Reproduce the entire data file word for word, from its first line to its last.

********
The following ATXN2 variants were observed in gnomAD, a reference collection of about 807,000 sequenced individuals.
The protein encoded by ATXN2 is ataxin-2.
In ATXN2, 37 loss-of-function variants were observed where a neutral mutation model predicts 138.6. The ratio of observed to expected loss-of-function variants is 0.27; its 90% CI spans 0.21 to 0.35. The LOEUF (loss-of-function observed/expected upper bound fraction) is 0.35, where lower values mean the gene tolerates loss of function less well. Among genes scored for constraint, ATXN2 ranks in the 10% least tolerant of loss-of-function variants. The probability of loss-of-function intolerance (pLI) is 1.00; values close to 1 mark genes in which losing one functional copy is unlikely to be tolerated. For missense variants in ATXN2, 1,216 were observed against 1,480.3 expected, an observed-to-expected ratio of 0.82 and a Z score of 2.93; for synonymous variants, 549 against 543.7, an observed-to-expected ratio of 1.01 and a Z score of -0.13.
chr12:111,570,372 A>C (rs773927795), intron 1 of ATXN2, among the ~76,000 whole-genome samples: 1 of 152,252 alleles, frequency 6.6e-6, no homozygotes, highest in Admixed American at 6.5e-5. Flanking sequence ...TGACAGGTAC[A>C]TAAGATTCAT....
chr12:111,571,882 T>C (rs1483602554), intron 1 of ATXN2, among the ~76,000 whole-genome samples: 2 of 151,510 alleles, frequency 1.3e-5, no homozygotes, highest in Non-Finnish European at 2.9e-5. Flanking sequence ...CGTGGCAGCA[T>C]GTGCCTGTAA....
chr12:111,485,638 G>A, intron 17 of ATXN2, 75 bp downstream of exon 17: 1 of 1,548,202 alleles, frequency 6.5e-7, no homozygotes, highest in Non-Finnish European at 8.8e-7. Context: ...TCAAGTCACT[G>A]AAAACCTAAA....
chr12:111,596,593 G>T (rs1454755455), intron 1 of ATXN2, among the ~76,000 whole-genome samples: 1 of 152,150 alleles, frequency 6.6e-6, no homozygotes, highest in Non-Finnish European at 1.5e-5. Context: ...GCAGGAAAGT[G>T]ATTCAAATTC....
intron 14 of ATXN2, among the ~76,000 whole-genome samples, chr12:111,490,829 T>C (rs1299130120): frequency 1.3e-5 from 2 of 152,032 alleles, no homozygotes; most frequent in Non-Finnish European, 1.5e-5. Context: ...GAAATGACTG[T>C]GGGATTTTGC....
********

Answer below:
The following ATXN2 variants were observed in gnomAD, a reference collection of about 807,000 sequenced individuals.
The protein encoded by ATXN2 is ataxin-2.
In ATXN2, 37 loss-of-function variants were observed where a neutral mutation model predicts 138.6. The ratio of observed to expected loss-of-function variants is 0.27; its 90% CI spans 0.21 to 0.35. The LOEUF (loss-of-function observed/expected upper bound fraction) is 0.35, where lower values mean the gene tolerates loss of function less well. Among genes scored for constraint, ATXN2 ranks in the 10% least tolerant of loss-of-function variants. The probability of loss-of-function intolerance (pLI) is 1.00; values close to 1 mark genes in which losing one functional copy is unlikely to be tolerated. For missense variants in ATXN2, 1,216 were observed against 1,480.3 expected, an observed-to-expected ratio of 0.82 and a Z score of 2.93; for synonymous variants, 549 against 543.7, an observed-to-expected ratio of 1.01 and a Z score of -0.13.
chr12:111,570,372 A>C (rs773927795), intron 1 of ATXN2, among the ~76,000 whole-genome samples: 1 of 152,252 alleles, frequency 6.6e-6, no homozygotes, highest in Admixed American at 6.5e-5. Flanking sequence ...TGACAGGTAC[A>C]TAAGATTCAT....
chr12:111,571,882 T>C (rs1483602554), intron 1 of ATXN2, among the ~76,000 whole-genome samples: 2 of 151,510 alleles, frequency 1.3e-5, no homozygotes, highest in Non-Finnish European at 2.9e-5. Flanking sequence ...CGTGGCAGCA[T>C]GTGCCTGTAA....
chr12:111,485,638 G>A, intron 17 of ATXN2, 75 bp downstream of exon 17: 1 of 1,548,202 alleles, frequency 6.5e-7, no homozygotes, highest in Non-Finnish European at 8.8e-7. Context: ...TCAAGTCACT[G>A]AAAACCTAAA....
chr12:111,596,593 G>T (rs1454755455), intron 1 of ATXN2, among the ~76,000 whole-genome samples: 1 of 152,150 alleles, frequency 6.6e-6, no homozygotes, highest in Non-Finnish European at 1.5e-5. Context: ...GCAGGAAAGT[G>T]ATTCAAATTC....
intron 14 of ATXN2, among the ~76,000 whole-genome samples, chr12:111,490,829 T>C (rs1299130120): frequency 1.3e-5 from 2 of 152,032 alleles, no homozygotes; most frequent in Non-Finnish European, 1.5e-5. Context: ...GAAATGACTG[T>C]GGGATTTTGC....